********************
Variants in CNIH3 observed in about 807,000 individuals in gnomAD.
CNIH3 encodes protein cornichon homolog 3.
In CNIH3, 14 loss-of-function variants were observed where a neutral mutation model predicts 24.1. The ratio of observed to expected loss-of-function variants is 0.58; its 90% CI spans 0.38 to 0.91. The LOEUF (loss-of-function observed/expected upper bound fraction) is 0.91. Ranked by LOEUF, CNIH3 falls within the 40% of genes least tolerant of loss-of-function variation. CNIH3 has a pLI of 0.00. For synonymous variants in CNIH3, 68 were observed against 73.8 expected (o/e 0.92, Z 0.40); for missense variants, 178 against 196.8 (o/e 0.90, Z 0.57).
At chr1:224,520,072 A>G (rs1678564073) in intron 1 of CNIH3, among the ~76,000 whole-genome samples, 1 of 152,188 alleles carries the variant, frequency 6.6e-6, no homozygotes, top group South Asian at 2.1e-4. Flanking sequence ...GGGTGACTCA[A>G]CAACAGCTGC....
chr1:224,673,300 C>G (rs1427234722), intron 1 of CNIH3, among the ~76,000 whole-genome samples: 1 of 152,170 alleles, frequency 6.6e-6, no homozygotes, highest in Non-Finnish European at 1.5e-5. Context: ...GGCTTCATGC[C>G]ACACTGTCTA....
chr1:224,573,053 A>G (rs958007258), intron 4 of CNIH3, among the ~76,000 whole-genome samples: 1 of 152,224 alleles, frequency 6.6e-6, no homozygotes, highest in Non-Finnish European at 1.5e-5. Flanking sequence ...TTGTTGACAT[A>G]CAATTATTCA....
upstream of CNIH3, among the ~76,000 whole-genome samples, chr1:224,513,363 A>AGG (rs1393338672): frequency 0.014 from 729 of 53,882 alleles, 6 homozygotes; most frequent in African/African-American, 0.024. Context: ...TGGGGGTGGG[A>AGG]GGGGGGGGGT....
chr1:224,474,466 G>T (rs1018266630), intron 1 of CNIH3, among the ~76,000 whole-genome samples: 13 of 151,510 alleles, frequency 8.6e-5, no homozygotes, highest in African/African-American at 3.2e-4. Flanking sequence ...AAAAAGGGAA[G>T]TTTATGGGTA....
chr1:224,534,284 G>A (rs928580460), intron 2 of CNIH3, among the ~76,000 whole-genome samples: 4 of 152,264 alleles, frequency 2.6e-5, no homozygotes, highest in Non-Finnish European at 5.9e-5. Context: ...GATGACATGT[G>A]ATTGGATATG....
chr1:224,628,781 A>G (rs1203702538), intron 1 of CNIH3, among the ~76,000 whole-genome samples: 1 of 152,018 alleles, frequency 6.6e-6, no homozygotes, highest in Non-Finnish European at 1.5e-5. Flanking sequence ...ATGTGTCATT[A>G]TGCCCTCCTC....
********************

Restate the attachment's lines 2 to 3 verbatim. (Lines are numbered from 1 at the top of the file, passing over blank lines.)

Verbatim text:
CNIH3 encodes protein cornichon homolog 3.
In CNIH3, 14 loss-of-function variants were observed where a neutral mutation model predicts 24.1. The ratio of observed to expected loss-of-function variants is 0.58; its 90% CI spans 0.38 to 0.91. The LOEUF (loss-of-function observed/expected upper bound fraction) is 0.91. Ranked by LOEUF, CNIH3 falls within the 40% of genes least tolerant of loss-of-function variation. CNIH3 has a pLI of 0.00. For synonymous variants in CNIH3, 68 were observed against 73.8 expected (o/e 0.92, Z 0.40); for missense variants, 178 against 196.8 (o/e 0.90, Z 0.57).